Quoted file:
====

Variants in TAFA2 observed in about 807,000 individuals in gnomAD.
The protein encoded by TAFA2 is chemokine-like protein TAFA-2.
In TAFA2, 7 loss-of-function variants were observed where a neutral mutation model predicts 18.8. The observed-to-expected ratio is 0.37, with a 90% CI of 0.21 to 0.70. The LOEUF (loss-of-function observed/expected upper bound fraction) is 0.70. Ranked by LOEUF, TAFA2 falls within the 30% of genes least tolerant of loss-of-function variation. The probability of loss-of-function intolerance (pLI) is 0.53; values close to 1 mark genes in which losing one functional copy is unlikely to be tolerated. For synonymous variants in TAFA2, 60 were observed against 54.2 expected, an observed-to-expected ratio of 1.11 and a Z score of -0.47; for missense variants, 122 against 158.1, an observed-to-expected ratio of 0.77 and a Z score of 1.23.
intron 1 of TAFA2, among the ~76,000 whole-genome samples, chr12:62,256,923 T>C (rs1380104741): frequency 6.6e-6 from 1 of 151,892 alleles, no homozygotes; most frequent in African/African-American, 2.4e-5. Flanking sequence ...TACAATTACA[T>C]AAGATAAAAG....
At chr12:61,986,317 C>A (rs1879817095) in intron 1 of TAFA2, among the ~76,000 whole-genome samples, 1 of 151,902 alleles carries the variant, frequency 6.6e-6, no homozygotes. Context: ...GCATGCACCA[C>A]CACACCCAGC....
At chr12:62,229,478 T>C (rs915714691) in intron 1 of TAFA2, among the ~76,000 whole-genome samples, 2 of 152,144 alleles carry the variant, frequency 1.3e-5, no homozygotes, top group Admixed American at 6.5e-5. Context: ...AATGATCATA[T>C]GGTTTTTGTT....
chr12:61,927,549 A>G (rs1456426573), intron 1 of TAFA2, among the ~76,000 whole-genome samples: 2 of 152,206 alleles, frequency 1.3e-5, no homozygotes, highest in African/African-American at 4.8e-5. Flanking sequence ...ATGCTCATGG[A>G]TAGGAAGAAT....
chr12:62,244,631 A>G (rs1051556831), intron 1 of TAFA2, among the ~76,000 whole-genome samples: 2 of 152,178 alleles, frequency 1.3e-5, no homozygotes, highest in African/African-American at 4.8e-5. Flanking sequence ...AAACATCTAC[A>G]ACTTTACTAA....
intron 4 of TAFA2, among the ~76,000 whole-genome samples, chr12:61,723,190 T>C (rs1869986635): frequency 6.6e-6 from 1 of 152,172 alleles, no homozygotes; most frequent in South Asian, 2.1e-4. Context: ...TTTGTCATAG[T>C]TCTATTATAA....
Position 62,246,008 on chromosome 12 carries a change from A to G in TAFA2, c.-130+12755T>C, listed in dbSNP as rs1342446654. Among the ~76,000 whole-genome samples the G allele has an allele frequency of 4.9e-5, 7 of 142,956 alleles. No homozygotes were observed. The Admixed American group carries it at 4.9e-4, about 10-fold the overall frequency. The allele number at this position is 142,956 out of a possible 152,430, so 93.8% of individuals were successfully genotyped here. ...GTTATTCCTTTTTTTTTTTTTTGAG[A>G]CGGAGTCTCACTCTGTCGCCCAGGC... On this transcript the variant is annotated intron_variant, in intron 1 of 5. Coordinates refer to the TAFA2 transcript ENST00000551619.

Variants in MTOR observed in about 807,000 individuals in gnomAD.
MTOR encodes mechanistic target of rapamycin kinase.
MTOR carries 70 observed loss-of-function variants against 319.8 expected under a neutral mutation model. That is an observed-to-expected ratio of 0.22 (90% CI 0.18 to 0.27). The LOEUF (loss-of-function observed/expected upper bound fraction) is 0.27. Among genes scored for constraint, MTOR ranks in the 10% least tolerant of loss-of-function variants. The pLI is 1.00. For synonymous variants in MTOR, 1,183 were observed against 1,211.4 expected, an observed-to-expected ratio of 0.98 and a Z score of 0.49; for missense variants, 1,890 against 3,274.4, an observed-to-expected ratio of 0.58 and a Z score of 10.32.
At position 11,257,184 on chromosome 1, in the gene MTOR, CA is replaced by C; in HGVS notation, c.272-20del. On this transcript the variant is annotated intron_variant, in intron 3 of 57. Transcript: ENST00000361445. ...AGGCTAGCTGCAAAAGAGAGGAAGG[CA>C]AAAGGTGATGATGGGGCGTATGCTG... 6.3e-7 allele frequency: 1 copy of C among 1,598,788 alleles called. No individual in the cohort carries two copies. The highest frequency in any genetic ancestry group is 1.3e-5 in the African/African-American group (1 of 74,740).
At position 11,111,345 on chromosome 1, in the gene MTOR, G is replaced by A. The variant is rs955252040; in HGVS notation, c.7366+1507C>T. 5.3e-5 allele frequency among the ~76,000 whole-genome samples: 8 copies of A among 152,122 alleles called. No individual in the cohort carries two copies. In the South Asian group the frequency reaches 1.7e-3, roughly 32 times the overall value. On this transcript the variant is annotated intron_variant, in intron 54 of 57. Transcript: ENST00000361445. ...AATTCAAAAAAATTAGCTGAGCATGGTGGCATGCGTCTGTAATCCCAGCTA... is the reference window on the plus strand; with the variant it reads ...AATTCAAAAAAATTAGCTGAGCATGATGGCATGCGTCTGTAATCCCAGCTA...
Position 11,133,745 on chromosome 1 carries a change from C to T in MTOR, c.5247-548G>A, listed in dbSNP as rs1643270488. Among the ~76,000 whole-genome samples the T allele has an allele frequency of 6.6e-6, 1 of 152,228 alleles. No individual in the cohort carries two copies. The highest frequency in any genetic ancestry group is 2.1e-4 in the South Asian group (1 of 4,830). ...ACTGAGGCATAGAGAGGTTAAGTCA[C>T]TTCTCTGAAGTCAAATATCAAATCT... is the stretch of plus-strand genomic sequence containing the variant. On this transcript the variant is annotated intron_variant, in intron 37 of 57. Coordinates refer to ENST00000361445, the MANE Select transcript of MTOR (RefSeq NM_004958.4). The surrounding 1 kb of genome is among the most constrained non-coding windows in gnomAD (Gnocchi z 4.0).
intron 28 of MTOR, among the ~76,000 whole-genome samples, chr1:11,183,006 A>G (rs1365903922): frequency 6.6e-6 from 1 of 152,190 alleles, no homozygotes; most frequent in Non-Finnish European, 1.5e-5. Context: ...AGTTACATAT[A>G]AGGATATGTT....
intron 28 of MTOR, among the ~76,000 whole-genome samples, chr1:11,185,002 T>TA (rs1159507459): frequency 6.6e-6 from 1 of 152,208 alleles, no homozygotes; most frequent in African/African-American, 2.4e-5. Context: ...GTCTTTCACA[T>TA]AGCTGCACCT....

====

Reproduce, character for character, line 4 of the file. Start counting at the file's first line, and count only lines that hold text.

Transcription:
intron 1 of TAFA2, among the ~76,000 whole-genome samples, chr12:62,256,923 T>C (rs1380104741): frequency 6.6e-6 from 1 of 151,892 alleles, no homozygotes; most frequent in African/African-American, 2.4e-5. Flanking sequence ...TACAATTACA[T>C]AAGATAAAAG....